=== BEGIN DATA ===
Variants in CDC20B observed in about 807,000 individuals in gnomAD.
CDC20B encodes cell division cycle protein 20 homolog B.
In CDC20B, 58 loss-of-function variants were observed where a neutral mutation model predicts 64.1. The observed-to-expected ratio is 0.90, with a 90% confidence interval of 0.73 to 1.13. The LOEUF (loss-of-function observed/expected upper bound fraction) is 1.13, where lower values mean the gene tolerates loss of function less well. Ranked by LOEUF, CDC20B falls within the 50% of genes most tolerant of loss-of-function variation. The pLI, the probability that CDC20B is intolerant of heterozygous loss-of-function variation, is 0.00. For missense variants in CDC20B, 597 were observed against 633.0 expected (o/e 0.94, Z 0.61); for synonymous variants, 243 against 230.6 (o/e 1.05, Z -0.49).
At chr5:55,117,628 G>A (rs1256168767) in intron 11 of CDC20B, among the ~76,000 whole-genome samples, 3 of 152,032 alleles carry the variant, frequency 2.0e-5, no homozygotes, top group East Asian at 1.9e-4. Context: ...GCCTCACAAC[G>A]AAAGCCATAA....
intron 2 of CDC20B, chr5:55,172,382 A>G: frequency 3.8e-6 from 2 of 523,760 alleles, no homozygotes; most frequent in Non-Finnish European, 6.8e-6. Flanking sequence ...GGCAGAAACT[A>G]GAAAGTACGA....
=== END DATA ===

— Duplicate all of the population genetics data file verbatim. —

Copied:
Variants in CDC20B observed in about 807,000 individuals in gnomAD.
CDC20B encodes cell division cycle protein 20 homolog B.
In CDC20B, 58 loss-of-function variants were observed where a neutral mutation model predicts 64.1. The observed-to-expected ratio is 0.90, with a 90% confidence interval of 0.73 to 1.13. The LOEUF (loss-of-function observed/expected upper bound fraction) is 1.13, where lower values mean the gene tolerates loss of function less well. Ranked by LOEUF, CDC20B falls within the 50% of genes most tolerant of loss-of-function variation. The pLI, the probability that CDC20B is intolerant of heterozygous loss-of-function variation, is 0.00. For missense variants in CDC20B, 597 were observed against 633.0 expected (o/e 0.94, Z 0.61); for synonymous variants, 243 against 230.6 (o/e 1.05, Z -0.49).
At chr5:55,117,628 G>A (rs1256168767) in intron 11 of CDC20B, among the ~76,000 whole-genome samples, 3 of 152,032 alleles carry the variant, frequency 2.0e-5, no homozygotes, top group East Asian at 1.9e-4. Context: ...GCCTCACAAC[G>A]AAAGCCATAA....
intron 2 of CDC20B, chr5:55,172,382 A>G: frequency 3.8e-6 from 2 of 523,760 alleles, no homozygotes; most frequent in Non-Finnish European, 6.8e-6. Flanking sequence ...GGCAGAAACT[A>G]GAAAGTACGA....